This means that the counting of mail-in votes will begin no earlier than 7 a.m. on January 5th. As of December 22nd, 1,678,624 ballots have already been returned. Voters can submit absentee ballots all the way up to election day, with the only requirement being that the ballot be received by the county no later than election day. That means we can expect to not have finality in the runoffs at the end of the evening on January 5th.
Current Georgia US Senate election polling, Warnock vs. Loeffler
As we head into E-Day, the final polling results at FiveThirtyEight.com have Ossoff leading by 1.8%, and Warnock by 2.1%. The latest well-rated poll comes from Republican polling company National Research Inc., and has both Ossoff and Warnock leading by 1% across the 500 person sample, and by 4% when adjusted.
Interestingly, half the poll comes from after the release of the tape between President Trump and Georgia Secretary of State Brad Raffensperger.
Of the two Democratic Georgia candidates, it appears Raphael Warnock has the slightest of leads. He’s up 52%-45% in the latest Survey USA poll of 600 likely voters, but with an adjusted lead of just 5%. That’s ahead of his co-running mate Ossoff, who is at +4% in the same poll. And that one percentage point could make all the difference in Georgia in 2020.
Distrust in the electoral system is a major issue, as 55% of those that say they are “very conservative” said they won’t vote because they believe “the voting process is rigged.” Zero percent of liberals and very liberals said the same.
According to FiveThirtyEight.com, this race is a statistical dead heat and has remained tight since the November election. On November 9th, polling had Loeffler up one point. In the following week the polling narrowed to Warnock with a 0.1 point lead. On November 29, Warnock opened up a three-point lead, but it has narrowed since. Loeffler took a 0.1 point lead at one point, but Warnock currently holds a 0.9 point lead.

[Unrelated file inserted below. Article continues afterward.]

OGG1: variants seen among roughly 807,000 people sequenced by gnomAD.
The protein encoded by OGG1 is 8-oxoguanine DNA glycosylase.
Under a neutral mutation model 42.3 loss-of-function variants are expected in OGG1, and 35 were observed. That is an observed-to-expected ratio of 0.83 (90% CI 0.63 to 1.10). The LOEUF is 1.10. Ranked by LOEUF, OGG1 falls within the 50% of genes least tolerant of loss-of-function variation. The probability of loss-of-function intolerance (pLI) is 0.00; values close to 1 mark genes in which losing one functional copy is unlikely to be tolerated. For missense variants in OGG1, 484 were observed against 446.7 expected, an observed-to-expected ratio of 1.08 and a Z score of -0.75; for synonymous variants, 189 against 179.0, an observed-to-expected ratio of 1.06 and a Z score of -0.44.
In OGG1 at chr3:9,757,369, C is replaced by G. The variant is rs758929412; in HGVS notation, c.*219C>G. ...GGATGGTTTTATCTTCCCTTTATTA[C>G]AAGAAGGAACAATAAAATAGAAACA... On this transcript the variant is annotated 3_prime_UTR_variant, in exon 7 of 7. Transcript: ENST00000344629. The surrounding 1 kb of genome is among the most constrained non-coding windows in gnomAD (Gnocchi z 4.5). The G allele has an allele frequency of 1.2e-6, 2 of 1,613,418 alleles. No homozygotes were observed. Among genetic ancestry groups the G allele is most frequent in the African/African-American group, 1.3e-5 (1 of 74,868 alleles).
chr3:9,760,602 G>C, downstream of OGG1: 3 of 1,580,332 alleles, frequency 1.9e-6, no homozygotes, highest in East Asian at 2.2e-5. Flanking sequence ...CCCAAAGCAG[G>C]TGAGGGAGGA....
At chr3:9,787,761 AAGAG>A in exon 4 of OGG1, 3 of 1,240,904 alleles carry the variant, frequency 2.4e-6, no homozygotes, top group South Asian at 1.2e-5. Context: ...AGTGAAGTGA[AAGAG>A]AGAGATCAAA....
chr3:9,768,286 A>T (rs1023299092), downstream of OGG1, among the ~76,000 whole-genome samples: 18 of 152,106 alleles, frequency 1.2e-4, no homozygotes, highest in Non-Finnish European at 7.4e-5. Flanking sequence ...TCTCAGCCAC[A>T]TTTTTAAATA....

You have to live abroad to place a wager at BetFair and other European-based sites, but for our purposes, it provides helpful information for analyzing what the race currently looks like. BetFair posts odds using a decimal format, which can be converted easily into traditional American +/- odds.
Loeffler is the favorite at 1.67, which equates to -149. That means if you bet $149 and Loeffler won, you would win $100. Warnock is the underdog at 2.1, which equates to +110. That means if you bet $100 and Warnock won, you would win $110.
It’s important to note that betting odds are not meant to be viewed as a prediction of who will win the event. In a perfect world for the sportsbook, there would be a healthy balance of wagering on both sides of a given event. If that happens, the book is going to profit regardless of the winner due to the vig. We saw how that can work with offshore sportsbooks during the presidential election. Voting analysis heading into election week suggested things would turn as the week progressed. However, that analysis did not stop Trump backers from backing him in a big way even as the numbers were turning against him. The runoffs do not have the same passionate backers that were hoping to cash in on a Trump win, so we’ll see if we see anything similar.
Additional useful data is at PredictIt, a site that allows a limited form of betting on elections in the United States via futures contracts. The site operates via an exemption in US law so political scientists and other academics can use the data in their research showing how the general public feels about an upcoming event or election.
All futures contracts traded on the site are based on a $1.00 outcome, but they don’t always add up to a buck because of the bid-and-ask pricing on the exchange. For example, on Election Day, they peaked at .96 to .01, but by the weekend it dropped to .68 to .35 as votes brought Perdue under 50 percent. As of December 22nd, Republicans lead .63 to .38.